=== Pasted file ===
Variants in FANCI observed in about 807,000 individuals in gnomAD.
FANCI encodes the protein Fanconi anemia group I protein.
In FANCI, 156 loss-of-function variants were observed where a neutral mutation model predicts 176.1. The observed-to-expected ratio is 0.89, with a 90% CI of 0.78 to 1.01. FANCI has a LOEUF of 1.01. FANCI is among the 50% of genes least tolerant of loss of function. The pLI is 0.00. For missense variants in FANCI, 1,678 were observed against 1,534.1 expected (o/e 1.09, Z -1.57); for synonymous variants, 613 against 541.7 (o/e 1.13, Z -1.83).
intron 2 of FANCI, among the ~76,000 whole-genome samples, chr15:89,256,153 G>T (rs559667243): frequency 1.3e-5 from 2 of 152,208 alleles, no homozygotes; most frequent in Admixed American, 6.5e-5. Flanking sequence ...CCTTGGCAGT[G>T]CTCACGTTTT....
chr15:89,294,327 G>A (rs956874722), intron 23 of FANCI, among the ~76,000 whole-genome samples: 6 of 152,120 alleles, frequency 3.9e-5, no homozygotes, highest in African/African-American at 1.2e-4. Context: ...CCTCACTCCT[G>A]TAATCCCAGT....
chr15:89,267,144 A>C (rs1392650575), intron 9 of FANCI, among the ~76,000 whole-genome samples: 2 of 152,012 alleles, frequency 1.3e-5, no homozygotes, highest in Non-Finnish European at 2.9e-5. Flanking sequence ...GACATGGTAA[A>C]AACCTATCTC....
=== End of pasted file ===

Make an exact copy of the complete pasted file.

Variants in FANCI observed in about 807,000 individuals in gnomAD.
FANCI encodes the protein Fanconi anemia group I protein.
In FANCI, 156 loss-of-function variants were observed where a neutral mutation model predicts 176.1. The observed-to-expected ratio is 0.89, with a 90% CI of 0.78 to 1.01. FANCI has a LOEUF of 1.01. FANCI is among the 50% of genes least tolerant of loss of function. The pLI is 0.00. For missense variants in FANCI, 1,678 were observed against 1,534.1 expected (o/e 1.09, Z -1.57); for synonymous variants, 613 against 541.7 (o/e 1.13, Z -1.83).
intron 2 of FANCI, among the ~76,000 whole-genome samples, chr15:89,256,153 G>T (rs559667243): frequency 1.3e-5 from 2 of 152,208 alleles, no homozygotes; most frequent in Admixed American, 6.5e-5. Flanking sequence ...CCTTGGCAGT[G>T]CTCACGTTTT....
chr15:89,294,327 G>A (rs956874722), intron 23 of FANCI, among the ~76,000 whole-genome samples: 6 of 152,120 alleles, frequency 3.9e-5, no homozygotes, highest in African/African-American at 1.2e-4. Context: ...CCTCACTCCT[G>A]TAATCCCAGT....
chr15:89,267,144 A>C (rs1392650575), intron 9 of FANCI, among the ~76,000 whole-genome samples: 2 of 152,012 alleles, frequency 1.3e-5, no homozygotes, highest in Non-Finnish European at 2.9e-5. Flanking sequence ...GACATGGTAA[A>C]AACCTATCTC....